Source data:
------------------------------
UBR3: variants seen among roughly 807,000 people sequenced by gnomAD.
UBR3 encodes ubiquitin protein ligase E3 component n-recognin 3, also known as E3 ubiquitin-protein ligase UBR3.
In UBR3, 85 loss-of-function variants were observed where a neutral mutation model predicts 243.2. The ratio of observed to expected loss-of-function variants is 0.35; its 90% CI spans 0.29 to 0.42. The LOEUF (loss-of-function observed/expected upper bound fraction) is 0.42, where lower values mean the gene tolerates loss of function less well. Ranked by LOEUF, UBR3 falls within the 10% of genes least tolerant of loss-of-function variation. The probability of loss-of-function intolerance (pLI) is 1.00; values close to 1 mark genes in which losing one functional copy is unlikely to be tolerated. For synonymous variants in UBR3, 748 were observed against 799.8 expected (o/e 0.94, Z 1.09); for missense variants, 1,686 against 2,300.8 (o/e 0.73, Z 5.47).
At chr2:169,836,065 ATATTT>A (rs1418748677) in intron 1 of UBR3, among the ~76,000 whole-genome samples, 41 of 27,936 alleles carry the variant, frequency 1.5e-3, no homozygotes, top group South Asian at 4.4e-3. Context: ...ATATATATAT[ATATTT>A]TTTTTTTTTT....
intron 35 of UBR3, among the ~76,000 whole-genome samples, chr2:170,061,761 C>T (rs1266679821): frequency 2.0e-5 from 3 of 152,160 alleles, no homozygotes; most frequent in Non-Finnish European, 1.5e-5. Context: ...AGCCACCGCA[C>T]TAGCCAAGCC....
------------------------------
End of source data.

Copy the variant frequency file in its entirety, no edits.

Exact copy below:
UBR3: variants seen among roughly 807,000 people sequenced by gnomAD.
UBR3 encodes ubiquitin protein ligase E3 component n-recognin 3, also known as E3 ubiquitin-protein ligase UBR3.
In UBR3, 85 loss-of-function variants were observed where a neutral mutation model predicts 243.2. The ratio of observed to expected loss-of-function variants is 0.35; its 90% CI spans 0.29 to 0.42. The LOEUF (loss-of-function observed/expected upper bound fraction) is 0.42, where lower values mean the gene tolerates loss of function less well. Ranked by LOEUF, UBR3 falls within the 10% of genes least tolerant of loss-of-function variation. The probability of loss-of-function intolerance (pLI) is 1.00; values close to 1 mark genes in which losing one functional copy is unlikely to be tolerated. For synonymous variants in UBR3, 748 were observed against 799.8 expected (o/e 0.94, Z 1.09); for missense variants, 1,686 against 2,300.8 (o/e 0.73, Z 5.47).
At chr2:169,836,065 ATATTT>A (rs1418748677) in intron 1 of UBR3, among the ~76,000 whole-genome samples, 41 of 27,936 alleles carry the variant, frequency 1.5e-3, no homozygotes, top group South Asian at 4.4e-3. Context: ...ATATATATAT[ATATTT>A]TTTTTTTTTT....
intron 35 of UBR3, among the ~76,000 whole-genome samples, chr2:170,061,761 C>T (rs1266679821): frequency 2.0e-5 from 3 of 152,160 alleles, no homozygotes; most frequent in Non-Finnish European, 1.5e-5. Context: ...AGCCACCGCA[C>T]TAGCCAAGCC....